Bills Digests 148, 2005-06 - Tax Laws Amendment (Medicare Levy and Medicare Levy Surcharge) Bill 2006 - 06bd148.htm


Index

Bills Digest no. 148  2005–06

Tax Laws Amendment (Medicare Levy and Medicare Levy Surcharge) Bill 2006

WARNING:
This Digest was prepared for debate. It reflects the legislation as introduced and does not canvass subsequent amendments. This Digest does not have any official legal status. Other sources should be consulted to determine the subsequent official status of the Bill.

CONTENTS

Passage History
Purpose
Background
Main Provisions
Endnotes
Contact Officer & Copyright Details


Passage History

Tax Laws Amendment (Medicare Levy and Medicare Levy Surcharge) Bill 2006

Date Introduced: 25 May 2006

House: House of Representatives

Portfolio: Treasury

Commencement: On the date of Royal Assent

Purpose

The Bill proposes increases to the Medicare levy low-income thresholds for individuals and families, and to the low-income threshold in the Medicare levy surcharge provisions, to ensure that low-income individuals and families will continue to not have to pay the Medicare levy or surcharge.

The amendments will apply to the 2005-06 year of income and later years.

Background(1)

The Bill amends the Medicare Levy Act 1986 (MLA 1986) to raise the Medicare levy low income threshold amounts and phase-in limits for individuals, families and pensioners below age pension age, and amends the A New Tax System (Medicare Levy Surcharge-Fringe Benefits) Act 1999 (MLS-FBA 1999) to increase the Medicare levy surcharge low income threshold. The increases are in line with movements in the consumer price index (CPI).

An outline of the Medicare levy and surcharge

When Medicare was introduced in 1984 the scheme was funded by the imposition of a Medicare levy, originally set at 1 per cent of taxable income, with a low income cut-off threshold below which no levy was payable. In 1995 the Medicare levy was increased to its current level of 1.5 per cent of taxable income.

The Medicare levy surcharge is an additional 1 per cent surcharge on taxable income imposed on high-income earners (with household income over $100,000) who do not have private hospital insurance, and was introduced in July 1997 as part of the Howard government s private health insurance reforms.(2)

The Medicare levy and surcharge only partially fund the total cost of Medicare. In 2004-05 the levy and surcharge raised around $6.1 billion in revenue, while the cost of Medicare for the same period was $14.89 billion.(3)

Revenue raised from the surcharge accounts for a small proportion (around 2 per cent) of revenue collected from the levy.(4)

Exemptions

There are exemptions for low income earners for both the Medicare levy and the Medicare levy surcharge, as well as phase-in limits which only apply to the levy. These are detailed below.

Medicare levy low income thresholds and phase-in limits

The taxable income levels below which no Medicare levy is payable (known as the low income thresholds) are regularly adjusted in line with movements in the CPI, with different low income threshold levels set for individuals, families (including couples with no children) and pensioners under age pension age. The low income threshold levels for families vary depending on the number of children.

The MLA 1986 also provides for a phasing-in or shading out range wherein the Medicare levy applies, but at a reduced rate. For taxpayers with incomes above the low income threshold but below what is called the phase-in limit , the Medicare levy is payable at a maximum rate of 20 cents in every dollar where the taxable income exceeds the low income exemption threshold.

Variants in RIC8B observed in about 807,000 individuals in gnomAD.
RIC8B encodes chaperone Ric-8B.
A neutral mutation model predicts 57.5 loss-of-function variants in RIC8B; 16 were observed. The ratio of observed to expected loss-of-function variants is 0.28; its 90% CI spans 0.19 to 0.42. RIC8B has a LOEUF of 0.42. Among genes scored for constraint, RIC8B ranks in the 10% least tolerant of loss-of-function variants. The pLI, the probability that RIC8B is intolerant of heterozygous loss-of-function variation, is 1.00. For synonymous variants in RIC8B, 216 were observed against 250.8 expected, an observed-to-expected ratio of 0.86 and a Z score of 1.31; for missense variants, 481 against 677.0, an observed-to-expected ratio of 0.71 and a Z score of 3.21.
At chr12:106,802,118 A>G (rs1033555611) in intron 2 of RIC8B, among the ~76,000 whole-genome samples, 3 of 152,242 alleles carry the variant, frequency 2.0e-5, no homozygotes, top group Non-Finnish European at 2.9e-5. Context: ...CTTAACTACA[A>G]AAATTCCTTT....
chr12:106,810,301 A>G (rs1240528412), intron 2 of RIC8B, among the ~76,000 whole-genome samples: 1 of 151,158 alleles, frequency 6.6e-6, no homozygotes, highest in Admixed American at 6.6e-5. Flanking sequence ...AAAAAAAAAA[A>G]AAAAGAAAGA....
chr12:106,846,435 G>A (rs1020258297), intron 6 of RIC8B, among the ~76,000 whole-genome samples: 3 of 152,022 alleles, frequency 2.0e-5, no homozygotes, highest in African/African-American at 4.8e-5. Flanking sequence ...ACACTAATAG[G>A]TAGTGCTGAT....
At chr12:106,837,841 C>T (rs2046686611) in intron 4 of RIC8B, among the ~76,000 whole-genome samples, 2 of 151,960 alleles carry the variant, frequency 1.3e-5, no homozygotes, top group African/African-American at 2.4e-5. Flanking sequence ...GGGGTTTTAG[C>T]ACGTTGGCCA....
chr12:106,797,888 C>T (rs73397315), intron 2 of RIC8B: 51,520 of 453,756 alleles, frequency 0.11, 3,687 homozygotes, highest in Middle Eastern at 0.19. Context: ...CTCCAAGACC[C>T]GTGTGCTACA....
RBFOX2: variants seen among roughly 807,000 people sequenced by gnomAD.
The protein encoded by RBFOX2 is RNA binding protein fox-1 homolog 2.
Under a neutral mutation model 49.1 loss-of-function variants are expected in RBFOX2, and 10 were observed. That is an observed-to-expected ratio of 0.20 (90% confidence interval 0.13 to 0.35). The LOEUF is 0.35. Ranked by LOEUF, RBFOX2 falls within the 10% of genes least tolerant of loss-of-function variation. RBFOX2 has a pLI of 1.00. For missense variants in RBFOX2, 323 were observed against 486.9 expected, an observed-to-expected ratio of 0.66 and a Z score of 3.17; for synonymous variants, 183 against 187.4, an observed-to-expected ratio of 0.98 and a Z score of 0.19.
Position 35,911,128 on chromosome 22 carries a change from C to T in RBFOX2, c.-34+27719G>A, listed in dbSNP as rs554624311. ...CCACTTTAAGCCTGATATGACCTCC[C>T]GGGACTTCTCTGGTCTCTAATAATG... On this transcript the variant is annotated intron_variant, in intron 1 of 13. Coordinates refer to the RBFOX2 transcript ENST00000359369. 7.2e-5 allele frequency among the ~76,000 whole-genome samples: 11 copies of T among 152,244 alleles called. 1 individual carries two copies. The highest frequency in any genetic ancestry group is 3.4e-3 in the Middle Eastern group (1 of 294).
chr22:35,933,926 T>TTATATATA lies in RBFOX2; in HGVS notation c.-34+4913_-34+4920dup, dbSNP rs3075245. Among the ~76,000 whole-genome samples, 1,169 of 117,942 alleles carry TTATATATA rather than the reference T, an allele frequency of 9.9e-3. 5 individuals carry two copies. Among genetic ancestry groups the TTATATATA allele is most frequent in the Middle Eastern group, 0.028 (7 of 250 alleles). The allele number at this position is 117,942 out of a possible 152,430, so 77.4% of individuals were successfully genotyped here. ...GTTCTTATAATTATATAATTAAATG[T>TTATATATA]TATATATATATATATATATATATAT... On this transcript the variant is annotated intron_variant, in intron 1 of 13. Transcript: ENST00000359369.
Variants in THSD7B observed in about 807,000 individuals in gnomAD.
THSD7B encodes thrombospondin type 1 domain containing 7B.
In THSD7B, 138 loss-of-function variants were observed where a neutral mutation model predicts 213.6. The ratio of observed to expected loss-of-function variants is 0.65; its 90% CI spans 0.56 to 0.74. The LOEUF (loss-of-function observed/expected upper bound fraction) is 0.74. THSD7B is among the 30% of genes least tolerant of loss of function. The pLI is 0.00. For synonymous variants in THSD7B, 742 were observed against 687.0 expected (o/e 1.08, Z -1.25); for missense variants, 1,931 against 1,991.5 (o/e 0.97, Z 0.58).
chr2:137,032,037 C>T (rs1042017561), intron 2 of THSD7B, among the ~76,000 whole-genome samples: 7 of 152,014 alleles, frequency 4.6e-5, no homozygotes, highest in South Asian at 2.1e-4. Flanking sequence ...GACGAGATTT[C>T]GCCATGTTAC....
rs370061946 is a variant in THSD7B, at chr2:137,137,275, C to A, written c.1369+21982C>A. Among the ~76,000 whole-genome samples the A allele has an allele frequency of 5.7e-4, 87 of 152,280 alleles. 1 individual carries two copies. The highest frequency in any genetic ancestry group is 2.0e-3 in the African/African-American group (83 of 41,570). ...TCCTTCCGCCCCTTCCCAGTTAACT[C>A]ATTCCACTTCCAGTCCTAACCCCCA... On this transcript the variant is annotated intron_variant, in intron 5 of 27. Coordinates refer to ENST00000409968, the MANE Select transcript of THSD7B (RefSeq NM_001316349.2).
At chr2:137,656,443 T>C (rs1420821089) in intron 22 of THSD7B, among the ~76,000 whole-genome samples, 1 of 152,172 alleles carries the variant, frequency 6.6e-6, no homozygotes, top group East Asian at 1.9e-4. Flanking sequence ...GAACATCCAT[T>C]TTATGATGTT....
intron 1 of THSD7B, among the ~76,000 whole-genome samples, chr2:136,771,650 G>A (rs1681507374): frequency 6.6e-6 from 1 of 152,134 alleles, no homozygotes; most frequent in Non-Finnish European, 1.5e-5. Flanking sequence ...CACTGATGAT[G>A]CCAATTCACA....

The Bill proposes to raise the low income thresholds and phase-in limits as set out in Table 1.1 of the Explanatory Memorandum to the Bill (reproduced below) for the 2005-06 taxation year. The current threshold levels (2004-05) are shown in parentheses.


 

Table 1.1: 2005-06 Medicare levy low income threshold amounts and shading-in ranges

Category of taxpayer

No levy payable if taxable income or family income does not exceed (figure for 2004-05)

Reduced levy if taxable income or family income is within range (inclusive)

Ordinary rate of levy payable where taxable income or family income exceeds (figure for 2004-05)

Individual taxpayer

$16,284 ($15,902)

$16,285 - $17,604

$17,604 ($17,191)

Pensioner under age pension age

$19,583 ($19,252)

$19,584 - $21,170

$21,170 ($20,812)

Families(5) with the following children/and or students

(family income)

(family income)

(family income)

0

$27,478 ($26,834)

$27,479 - $29,705

$29,705 ($29,009)

1

$30,001 ($29,298)

$30,002 - $32,432

$32,432 ($31,673)

2

$32,524 ($31,762)

$32,525 - $35,159

$35,159 ($34,337)

3

$35,047 ($34,226)

$35,048 - $37,886

$37,886 ($37,001)

4

$37,570 ($36,690)

$37,571 - $40,613

$40,613 ($39,664)

5

$40,093 ($39,154)

$40,094 - $43,340

$43,340 ($42,328)

6

$42,616(6) ($41,618)

$42,617(7) - $46,067(8)

$46,067(9) ($44,992)

 

Medicare levy surcharge low income thresholds

As described above, the surcharge is a 1 per cent surcharge on high income earners where they do not hold private hospital insurance and is paid in addition to the Medicare levy. The surcharge also applies to reportable fringe benefits in certain cases.

The surcharge applies to both individual and family taxable income where the taxpayers do not hold private hospital cover. For individuals the surcharge applies when their taxable income exceeds $50,000, while for families the surcharge applies when their combined taxable income exceeds $100,000 (plus $1,500 for each child after the first). The surcharge is levied on both taxable incomes in the case of families whose total assessable income exceeds the threshold amount. The Medicare levy surcharge high income thresholds are not indexed to the CPI (and have remained unchanged since their introduction in 1997); nor do phasing-in or shading-out ranges apply.